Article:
Many advisers rely on their expertise to generate leads and new business. Regular contributor, Rachel Staggs, has a few tips and tricks you can use to make sure you are the ‘go to’ expert…
Is an expert an expert if no one knows?
I’d like to share a story with you about an adviser I recently met (name will be withheld for privacy reasons, of course):
Jane* contacted me to help her attract more affluent clients. I asked her tell me about her business. For the next 30 minutes or so, Jane talked about how she is considered an expert by many in the financial advice industry, how she has won awards and how she is an authority on helping clients find the right risk protection for themselves and their families. She has installed state-of-the-art technology and is a member of all the appropriate associations. She went on to tell me about her qualifications, other courses she has completed and the level of service she likes to give her clients. Her only problem was that she wasn’t getting enough affluent clients.
Given Jane’s credentials, you might wonder why she has problems marketing her business. But Jane, like many advisers, has a classic marketing problem. She has assumed that her ability with regards product and service will automatically translate into new business. Don’t get me wrong, Jane is a very talented adviser and a master of product and service, but she is not a master of marketing. Some of her peers don’t even measure up to her credentials, but they have no problem getting more clients. Why? Because they have mastered marketing.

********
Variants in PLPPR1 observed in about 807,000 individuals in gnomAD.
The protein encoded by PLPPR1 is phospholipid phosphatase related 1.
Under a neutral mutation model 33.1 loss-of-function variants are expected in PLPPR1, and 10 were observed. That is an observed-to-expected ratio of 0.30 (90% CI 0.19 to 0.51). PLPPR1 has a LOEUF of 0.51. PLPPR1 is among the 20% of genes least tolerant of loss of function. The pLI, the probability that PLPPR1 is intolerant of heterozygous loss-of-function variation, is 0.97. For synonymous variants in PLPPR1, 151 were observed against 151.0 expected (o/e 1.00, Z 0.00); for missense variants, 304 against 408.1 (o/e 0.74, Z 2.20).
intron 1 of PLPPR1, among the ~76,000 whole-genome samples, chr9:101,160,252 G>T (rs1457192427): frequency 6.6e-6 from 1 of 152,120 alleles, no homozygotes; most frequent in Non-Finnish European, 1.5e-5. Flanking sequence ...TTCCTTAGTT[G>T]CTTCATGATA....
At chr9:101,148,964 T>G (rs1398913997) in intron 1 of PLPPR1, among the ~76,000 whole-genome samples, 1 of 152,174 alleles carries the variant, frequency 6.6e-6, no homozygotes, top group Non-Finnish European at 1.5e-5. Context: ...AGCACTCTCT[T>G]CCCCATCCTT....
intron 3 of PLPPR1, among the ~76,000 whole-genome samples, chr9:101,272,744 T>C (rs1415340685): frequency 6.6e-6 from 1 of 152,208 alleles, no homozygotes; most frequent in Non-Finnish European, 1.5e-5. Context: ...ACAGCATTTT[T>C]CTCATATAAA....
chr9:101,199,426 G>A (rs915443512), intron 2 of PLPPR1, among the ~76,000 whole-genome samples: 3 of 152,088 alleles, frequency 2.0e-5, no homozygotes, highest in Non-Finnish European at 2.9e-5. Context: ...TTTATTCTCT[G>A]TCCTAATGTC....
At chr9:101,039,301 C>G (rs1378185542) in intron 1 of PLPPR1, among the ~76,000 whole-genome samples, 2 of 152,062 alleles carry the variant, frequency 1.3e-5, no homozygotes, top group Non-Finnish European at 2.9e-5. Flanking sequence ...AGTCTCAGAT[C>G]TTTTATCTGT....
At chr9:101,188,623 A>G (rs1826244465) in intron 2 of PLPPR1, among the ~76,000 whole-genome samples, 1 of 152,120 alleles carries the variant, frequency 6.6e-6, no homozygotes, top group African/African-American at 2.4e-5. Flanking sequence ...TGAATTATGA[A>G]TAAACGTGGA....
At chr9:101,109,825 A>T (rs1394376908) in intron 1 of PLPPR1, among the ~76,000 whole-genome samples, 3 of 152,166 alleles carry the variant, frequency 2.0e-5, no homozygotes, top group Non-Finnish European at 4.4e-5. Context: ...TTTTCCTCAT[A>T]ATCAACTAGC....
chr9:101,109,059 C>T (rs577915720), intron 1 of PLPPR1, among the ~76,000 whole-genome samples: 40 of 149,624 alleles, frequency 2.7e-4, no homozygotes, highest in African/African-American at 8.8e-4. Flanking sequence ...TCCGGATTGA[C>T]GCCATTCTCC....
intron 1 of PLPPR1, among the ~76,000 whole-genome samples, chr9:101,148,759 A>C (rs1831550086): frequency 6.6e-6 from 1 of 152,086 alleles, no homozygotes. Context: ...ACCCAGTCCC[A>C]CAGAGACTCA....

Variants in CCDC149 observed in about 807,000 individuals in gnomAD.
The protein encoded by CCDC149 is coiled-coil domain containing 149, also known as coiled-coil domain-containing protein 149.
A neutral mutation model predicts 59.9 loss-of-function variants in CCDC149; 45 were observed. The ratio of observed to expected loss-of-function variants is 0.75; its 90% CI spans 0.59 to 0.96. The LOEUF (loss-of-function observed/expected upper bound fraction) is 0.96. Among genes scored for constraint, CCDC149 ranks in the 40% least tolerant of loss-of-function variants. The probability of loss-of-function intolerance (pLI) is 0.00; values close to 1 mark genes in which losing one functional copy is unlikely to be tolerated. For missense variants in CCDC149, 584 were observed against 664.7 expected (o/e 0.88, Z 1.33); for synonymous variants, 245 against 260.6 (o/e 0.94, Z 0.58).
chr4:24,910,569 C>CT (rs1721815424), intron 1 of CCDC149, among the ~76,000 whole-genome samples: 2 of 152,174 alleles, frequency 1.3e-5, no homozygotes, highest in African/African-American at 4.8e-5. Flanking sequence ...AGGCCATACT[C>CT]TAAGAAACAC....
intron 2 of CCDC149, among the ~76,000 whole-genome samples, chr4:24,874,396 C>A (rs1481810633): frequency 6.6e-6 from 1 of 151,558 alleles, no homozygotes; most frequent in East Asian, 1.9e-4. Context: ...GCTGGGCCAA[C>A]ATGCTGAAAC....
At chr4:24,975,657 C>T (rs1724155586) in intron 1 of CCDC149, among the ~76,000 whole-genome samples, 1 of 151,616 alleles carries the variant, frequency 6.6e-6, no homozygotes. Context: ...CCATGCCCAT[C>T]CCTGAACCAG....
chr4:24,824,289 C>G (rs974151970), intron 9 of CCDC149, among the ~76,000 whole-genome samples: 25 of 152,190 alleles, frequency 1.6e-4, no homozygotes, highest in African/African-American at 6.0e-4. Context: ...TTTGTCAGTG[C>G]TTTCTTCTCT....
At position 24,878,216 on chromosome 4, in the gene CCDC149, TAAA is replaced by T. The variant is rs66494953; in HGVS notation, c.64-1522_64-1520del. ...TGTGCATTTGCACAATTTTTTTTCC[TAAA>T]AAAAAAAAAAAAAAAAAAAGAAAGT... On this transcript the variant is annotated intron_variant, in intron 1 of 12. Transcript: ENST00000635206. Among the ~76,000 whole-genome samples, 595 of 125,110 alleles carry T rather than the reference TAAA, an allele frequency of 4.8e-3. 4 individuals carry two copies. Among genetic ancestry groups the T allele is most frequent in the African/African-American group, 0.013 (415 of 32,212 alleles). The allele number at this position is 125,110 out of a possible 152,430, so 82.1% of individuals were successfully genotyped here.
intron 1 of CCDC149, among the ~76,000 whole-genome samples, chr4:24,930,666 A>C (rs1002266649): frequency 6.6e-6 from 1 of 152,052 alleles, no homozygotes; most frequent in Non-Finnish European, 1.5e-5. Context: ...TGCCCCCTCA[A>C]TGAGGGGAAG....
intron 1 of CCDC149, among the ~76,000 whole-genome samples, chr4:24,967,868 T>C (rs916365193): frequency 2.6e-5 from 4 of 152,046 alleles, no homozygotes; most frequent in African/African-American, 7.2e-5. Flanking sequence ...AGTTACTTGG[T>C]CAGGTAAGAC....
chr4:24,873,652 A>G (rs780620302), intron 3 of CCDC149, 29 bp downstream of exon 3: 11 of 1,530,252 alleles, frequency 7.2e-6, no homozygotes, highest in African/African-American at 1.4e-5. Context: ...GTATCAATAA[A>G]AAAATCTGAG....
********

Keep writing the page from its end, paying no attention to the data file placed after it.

Below are seven traits that Jane is working on to help position herself in the eyes of her affluent clients, prospects and strategic business partners. You may also like to use this as a checklist, to see how you compare…
The seven traits of an industry expert
A favourite cliché I know, but the more successful people I meet, the more this simple statement rings true. It’s how you deliver this passion that can help you market your business. Becoming an industry expert takes time and commitment, and it’s the passion that you have that will enable you to continue to grow personally and professionally.
How do you deliver your passion?
2. An expert brand strategy
Passion will give you your daily fuel but you’ll need a well-defined, written strategy. Like Jane, you may have all the credentials, but if you don’t have a strategy to tell anyone (the right people) how does that help you?
That’s also the case for an expert. They are strategic about developing their brand, and few of their activities are haphazard; they are well thought out and implemented. Stick to a plan!
To gain more clients, you’ll need to create a plan to develop your expert brand, all the while communicating a consistent message across all the channels you use, including your strategic alliances.
Do you have a marketing plan written out which positions you as an expert?
3. A target audience
Becoming well known is much harder if you are trying to appeal to a general audience. Saying that you have all the credentials to help everyday Australians will just not work – you’re likely to drown in the sea of competition and noise. Instead, experts choose a highly targeted audience and focus their efforts on meeting, educating and understanding them.